Astonishing Victor Pecci, the "Leaning Tower of Paraguay" who previously had toppled seeded Corrado Barazzutti, Harold Solomon and Guillermo Vilas in straight sets, today ambushed Jimmy Connors, 7-5, 6-4, 5-7, 6-3, to reach the final of the French Open tennis championships.

Pecci, 23, has fanned the low flame of smoldering promise into a glorious bonfire of unexpected achievement this week. Sunday, he will have the opportunity to realize what he had considered an impossible dream when he plays defending champion Bjorn Borg for a $49,000 first prize and the world's premier clay-court title.

Borg sprinted into the final with a 6-2, 6-1, 6-0 rout of Vitas Gerulaitis, who was so humiliated by the onesideness of his 12th consecutive loss to the reigning world champion that he shattered a racket on the dressing room floor and stormed away from Stade Roland Garros without showering.

Borg, the champion here in 1974, 1975 and 1978, who celebrated his 23rd birthday this week, was in top form today, making the increasingly impatient and frustrated Gerulaitis look at best like an impetuous rookie, at worst like a fool.

But it was Pecci - the sturdy, 6-foot-3 son of a tennis-playing doctor from a country with virtually no tradition in the sport - who fired the imagination of the sellout crowd of 17,000 on a chilly, dreary afternoon.

At first, the spectators doubted that he could keep pounding the hard, flat first serves that sparkled like the diamond he wears in his right ear, accounting for eight clean aces and clusters of crucial service winners.

They wondered if he could sustain his clever tactics of attacking when he had a chance but otherwise patiently hitting soft ground strokes, making Connors generate his own pace in rallies.

They expected Connors to stop making unaccustomed errors on his back-hand, usually his strong side, and to come out roaring in the fourth set, instead of having his serve desert him at untimely moments.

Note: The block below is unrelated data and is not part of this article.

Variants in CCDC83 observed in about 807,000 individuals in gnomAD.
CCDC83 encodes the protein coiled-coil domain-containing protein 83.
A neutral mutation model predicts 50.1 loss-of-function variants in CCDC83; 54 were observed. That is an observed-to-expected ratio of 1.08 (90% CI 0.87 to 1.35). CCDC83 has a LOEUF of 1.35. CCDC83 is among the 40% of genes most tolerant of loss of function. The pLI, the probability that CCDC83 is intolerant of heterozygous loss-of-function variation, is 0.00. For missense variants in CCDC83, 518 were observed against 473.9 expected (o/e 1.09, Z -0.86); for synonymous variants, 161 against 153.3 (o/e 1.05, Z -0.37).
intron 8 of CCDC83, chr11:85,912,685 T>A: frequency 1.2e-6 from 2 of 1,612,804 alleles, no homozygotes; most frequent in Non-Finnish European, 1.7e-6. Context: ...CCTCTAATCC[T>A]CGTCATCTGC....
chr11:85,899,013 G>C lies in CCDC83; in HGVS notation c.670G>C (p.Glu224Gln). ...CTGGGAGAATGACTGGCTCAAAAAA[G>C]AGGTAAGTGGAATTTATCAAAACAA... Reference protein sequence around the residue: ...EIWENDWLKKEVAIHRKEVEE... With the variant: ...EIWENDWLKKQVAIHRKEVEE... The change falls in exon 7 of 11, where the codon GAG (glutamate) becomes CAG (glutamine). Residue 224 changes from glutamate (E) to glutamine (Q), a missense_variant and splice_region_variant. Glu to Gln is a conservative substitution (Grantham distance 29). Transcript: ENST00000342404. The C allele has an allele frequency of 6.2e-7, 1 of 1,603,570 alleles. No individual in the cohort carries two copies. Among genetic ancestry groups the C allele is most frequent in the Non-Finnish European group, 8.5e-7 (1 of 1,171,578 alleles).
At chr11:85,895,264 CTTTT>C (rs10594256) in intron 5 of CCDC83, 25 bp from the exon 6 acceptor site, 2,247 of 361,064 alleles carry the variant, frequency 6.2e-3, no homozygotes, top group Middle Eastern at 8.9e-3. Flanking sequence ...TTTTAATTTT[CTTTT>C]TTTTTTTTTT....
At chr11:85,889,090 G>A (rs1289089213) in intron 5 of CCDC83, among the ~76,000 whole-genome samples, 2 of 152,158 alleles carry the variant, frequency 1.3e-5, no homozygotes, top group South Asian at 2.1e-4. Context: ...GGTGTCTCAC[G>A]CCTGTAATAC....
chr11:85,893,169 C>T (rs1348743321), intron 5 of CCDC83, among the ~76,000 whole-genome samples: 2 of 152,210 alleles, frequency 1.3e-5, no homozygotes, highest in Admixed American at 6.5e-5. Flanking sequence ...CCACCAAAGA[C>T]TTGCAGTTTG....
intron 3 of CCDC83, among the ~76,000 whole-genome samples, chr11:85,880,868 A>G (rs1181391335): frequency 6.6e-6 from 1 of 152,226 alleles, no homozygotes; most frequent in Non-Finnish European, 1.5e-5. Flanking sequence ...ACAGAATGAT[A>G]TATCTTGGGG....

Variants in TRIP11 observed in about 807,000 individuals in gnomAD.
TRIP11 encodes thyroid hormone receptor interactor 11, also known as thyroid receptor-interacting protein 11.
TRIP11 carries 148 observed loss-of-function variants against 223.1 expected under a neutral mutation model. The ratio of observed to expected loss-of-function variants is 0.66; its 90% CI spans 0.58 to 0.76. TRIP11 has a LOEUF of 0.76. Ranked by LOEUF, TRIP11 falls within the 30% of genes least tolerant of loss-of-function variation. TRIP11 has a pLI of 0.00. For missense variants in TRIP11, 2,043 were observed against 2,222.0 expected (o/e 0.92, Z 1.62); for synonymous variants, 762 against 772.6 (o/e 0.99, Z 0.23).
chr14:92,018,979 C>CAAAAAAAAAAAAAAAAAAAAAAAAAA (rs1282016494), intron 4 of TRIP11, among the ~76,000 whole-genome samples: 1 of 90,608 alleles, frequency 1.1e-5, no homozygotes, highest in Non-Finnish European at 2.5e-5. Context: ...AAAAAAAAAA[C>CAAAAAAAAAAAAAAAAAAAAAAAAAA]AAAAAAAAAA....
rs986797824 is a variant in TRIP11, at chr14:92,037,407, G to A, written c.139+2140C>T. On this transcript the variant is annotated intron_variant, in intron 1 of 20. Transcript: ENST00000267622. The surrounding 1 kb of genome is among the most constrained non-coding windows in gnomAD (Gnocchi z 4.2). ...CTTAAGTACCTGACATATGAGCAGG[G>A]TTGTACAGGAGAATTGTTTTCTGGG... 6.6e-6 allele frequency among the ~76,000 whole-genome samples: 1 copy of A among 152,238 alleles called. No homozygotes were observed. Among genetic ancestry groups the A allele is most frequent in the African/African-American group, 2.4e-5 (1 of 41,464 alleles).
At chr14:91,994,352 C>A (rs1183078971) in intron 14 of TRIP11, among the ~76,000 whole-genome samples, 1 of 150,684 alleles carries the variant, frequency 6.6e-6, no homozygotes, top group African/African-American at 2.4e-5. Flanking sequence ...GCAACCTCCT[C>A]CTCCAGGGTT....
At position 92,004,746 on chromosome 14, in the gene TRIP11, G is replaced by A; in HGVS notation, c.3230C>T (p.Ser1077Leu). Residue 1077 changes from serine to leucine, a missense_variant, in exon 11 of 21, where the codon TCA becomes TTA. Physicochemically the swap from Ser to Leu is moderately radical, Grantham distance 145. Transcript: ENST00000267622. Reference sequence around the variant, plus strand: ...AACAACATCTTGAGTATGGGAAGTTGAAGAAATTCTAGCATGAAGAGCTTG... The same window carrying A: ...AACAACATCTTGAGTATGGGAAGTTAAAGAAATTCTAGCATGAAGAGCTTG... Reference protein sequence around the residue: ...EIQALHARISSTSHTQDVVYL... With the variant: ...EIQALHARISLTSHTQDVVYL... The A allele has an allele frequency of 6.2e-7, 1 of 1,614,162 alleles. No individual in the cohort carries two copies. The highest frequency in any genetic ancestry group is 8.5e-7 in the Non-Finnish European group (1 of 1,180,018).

But when they sensed that Pecci, only 30th in the computerized world ranking list of the Association of Tennis Professionals, was indeed capable of springing another major upset, their excitement and anticipation grew.

There was an eerie hush in the grand old cement arena during fiercely contested points, and an explosion of applause after them. "Unpeude calme, s'il vous plait," intoned the umpire, trying to settledown the blood-sniffing audience. "A little quiet, please."

At the end, when Connors missed a final backhand cross court on the third match point against him, Pecci dropped to his knees and let out a war whoop of triumph. The onlookers broke into rhythmic clapping and chants of "Pec-ci, Pec-ci, Pec-ci," appreciatively acclaiming the first unseeded finalist here since Nikki Pilic in 1973 and the birth of a new star.

"If two weeks ago, if I was asked I would have said it is impossible. But now it is true," a jubilant Pecci said through an interpreter at a trilingual (Spanish, French, English) postmatch interview.

"There is no professional tennis in Paraguay, very few players, but maybe because of my success it is going to start."

The tense, shifting pattern that was to characterize this splendid 3-hour 7-minute match was established right at the beginning.

Pecci broke Connors' serve at love in the first game of the match, jerking him to the net with a couple of drop shots, bashing three winners in a blazing start that confirmed his newfound confidence.

But Connors, full of his customary combative swagger, broke right back, and there were no further service breaks until the 11th game.